Completing a manuscript and typing “The End” is always a great feeling. It’s an accomplishment, the culmination of endless invested hours. But “The End” isn’t really the end. Not even close.
Once you find a home for the book a host of new tasks descend upon you. We’re assuming for the purposes of this post that the book has a publisher, and is not being self-published. That option carries with related, but divergent necessities. Where to start?
I have made no secret in these posts that I write a bit of fiction now and then. At least I believe I haven’t kept it a secret. If I’m mistaken, well, allow me to correct that: My name is Ken Lizzi and I’m a writer. And I don’t intend to quit, cold turkey or otherwise.
Bearing that in mind, instead of discussing and promoting the work of other writers, this post will plug some of mine. Because that’s how I like my commercialism: Crass and brass.
As with many of you, home improvement projects have played an unusually prominent role in recent weeks. Now, I’ve not had the excuse of being home with time on my hands. I’ve been going to the office every day. Nonetheless, at the behest of MBW, we’ve been buckling down, checking off items on our to-do list.
Thick As Thieves came out a few years ago. I’m rather fond of that one. Crime and fantasy are not strangers. Fafhrd and the Gray Mouser met during a robbery. Conan’s rap sheet would fill an entire scroll. Heists instigated a number of his adventures. Even Bilbo acted the burglar. There are plenty more examples. But I may have added a novel element by filtering a sword-and-sorcery story through the sensibilities of Elmore Leonard. I hope I succeeded.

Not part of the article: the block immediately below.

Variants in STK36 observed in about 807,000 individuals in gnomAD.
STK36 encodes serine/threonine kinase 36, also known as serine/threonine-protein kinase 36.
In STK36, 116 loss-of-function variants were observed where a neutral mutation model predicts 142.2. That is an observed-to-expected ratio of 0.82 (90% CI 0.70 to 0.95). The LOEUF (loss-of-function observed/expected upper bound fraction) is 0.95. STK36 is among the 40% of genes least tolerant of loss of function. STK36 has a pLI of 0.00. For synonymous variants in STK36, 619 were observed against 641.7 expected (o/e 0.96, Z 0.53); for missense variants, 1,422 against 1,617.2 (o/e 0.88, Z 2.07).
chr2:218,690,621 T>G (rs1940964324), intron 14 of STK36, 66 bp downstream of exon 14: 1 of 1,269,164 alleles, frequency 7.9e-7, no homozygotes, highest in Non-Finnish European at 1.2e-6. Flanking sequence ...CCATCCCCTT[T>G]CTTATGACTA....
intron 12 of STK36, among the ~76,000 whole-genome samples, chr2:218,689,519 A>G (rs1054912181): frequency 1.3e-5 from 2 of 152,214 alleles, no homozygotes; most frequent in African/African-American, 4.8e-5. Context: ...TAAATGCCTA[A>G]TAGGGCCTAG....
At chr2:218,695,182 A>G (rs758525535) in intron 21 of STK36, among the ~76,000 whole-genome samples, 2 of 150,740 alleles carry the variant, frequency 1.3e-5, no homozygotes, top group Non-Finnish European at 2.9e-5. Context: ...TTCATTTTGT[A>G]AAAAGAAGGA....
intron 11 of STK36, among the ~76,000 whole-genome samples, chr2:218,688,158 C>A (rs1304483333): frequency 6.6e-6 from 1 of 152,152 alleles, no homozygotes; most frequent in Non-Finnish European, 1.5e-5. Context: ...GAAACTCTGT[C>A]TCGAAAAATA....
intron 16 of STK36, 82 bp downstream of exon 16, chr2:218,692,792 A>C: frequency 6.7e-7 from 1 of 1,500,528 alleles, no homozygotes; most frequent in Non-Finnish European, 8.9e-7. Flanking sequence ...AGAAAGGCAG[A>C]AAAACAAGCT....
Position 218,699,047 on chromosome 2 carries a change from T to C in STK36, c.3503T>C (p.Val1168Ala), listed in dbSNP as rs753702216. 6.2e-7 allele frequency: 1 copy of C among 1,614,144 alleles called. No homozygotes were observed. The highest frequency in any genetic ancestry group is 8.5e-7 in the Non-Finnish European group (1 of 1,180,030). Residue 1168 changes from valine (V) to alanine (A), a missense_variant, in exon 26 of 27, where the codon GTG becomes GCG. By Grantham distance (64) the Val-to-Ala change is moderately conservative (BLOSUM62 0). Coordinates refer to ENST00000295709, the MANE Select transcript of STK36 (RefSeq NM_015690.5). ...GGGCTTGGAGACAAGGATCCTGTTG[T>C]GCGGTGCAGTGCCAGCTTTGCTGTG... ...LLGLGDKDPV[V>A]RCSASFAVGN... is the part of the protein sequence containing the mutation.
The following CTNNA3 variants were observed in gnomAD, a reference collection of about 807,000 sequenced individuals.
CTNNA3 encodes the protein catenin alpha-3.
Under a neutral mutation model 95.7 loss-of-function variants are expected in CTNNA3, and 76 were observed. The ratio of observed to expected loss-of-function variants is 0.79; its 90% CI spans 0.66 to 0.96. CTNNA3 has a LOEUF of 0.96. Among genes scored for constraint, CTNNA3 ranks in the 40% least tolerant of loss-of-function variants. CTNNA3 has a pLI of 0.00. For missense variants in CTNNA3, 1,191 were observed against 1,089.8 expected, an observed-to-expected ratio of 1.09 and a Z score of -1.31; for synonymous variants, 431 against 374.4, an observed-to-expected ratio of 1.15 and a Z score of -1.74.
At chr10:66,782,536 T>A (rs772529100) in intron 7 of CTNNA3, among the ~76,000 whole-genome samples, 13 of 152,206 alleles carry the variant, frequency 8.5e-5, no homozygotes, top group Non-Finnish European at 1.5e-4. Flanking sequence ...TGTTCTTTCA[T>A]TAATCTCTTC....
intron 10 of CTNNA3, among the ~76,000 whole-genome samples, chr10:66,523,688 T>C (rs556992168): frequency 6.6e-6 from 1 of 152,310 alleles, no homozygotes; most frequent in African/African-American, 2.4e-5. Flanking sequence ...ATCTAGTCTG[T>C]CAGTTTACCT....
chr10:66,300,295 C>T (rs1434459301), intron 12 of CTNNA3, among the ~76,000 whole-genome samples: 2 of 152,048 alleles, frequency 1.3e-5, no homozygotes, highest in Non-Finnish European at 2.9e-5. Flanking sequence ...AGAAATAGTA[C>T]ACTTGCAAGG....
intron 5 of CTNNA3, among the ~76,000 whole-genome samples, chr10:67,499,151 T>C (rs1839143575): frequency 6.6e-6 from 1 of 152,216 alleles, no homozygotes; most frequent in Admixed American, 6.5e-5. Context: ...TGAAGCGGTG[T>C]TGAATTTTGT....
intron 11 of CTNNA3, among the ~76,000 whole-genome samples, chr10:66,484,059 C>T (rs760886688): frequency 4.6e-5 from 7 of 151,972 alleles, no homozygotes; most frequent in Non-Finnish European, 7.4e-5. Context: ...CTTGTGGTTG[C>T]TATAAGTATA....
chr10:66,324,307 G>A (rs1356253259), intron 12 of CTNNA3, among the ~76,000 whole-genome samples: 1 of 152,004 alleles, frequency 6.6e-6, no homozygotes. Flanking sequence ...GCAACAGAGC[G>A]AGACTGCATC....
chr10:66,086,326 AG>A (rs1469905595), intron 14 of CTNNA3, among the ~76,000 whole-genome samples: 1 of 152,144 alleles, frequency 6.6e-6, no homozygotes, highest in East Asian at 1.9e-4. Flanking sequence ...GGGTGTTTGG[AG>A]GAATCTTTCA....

This means I get to engage in my favorite activity: marketing. You may note a hint of sarcasm in the preceding sentence. If not, allow me to restate it bluntly: I don’t like marketing. Shilling your own wares feels uncomfortably like begging. I honestly don’t care for it. But, it is absolutely necessary. If no one is aware you have a book for sale, no one is going to buy it. And I want people to buy Captain. I wrote it in order to entertain people, and it can’t do that if people don’t read it.
So, yeah. Marketing. Sigh.
“Don’t miss out on the entertainment sensation of April, 2020. Pick up your copy of Captain: Falchion’s Company Book Two today. Tell a friend. Leave a review.”
Cue confetti and balloons.
Anyway, I hope you are all doing well in these interesting times.
Whether we’re facing a world-changing pandemic, or not, I’m still working. Not just at my day job; I’m also still producing books. I expect to have another book out early in April, perhaps by the first. Specifically, Captain: Falchion’s Company Book Two, the sequel to Boss.
Falchion is back, now running his own mercenary company. I think you’re going to like this one.
I got the rights back to Thick As Thieves. I’m considering just putting it out myself, rather than shopping it around to another publisher. That way I’ll have a book out between Captain, in April, and Warlord, in July. What do you think? Sufficient distance? Too much? Not enough?
If you’ve read Thick As Thieves, do you have an idea what you think the cover art should look like? Or was the first edition’s cover on point?
The sequel to Karl Thorson and the Jade Dagger is off to the publisher. I’m waiting on comments. Of course, I hope it is perfect as is, without the need for more than, say, a proof read. There is a first time for everything, I suppose.
When I first started writing, years ago, it was primarily as a challenge. Could I get a story published? Then, how about a few more? After a while, I wanted to see if I could get a novel published. That accomplished, I discovered I had more novels I wanted to write, that it wasn’t enough to have a published book under my belt.
At the moment I find myself dealing with multiple projects in various stages. I’ve got the word mines running, and the words must flow. It is gratifying. It is also time consuming for someone with a profession that already demands most of his nine-to-five hours.
Some days you just need to punish innocent steel plates and sheets of paper. And as a writer, it is good to remind yourself of the sounds, smells, and feel of firearms. You think, “I really ought to go back and revise that scene, get in at least a mention of the noise.”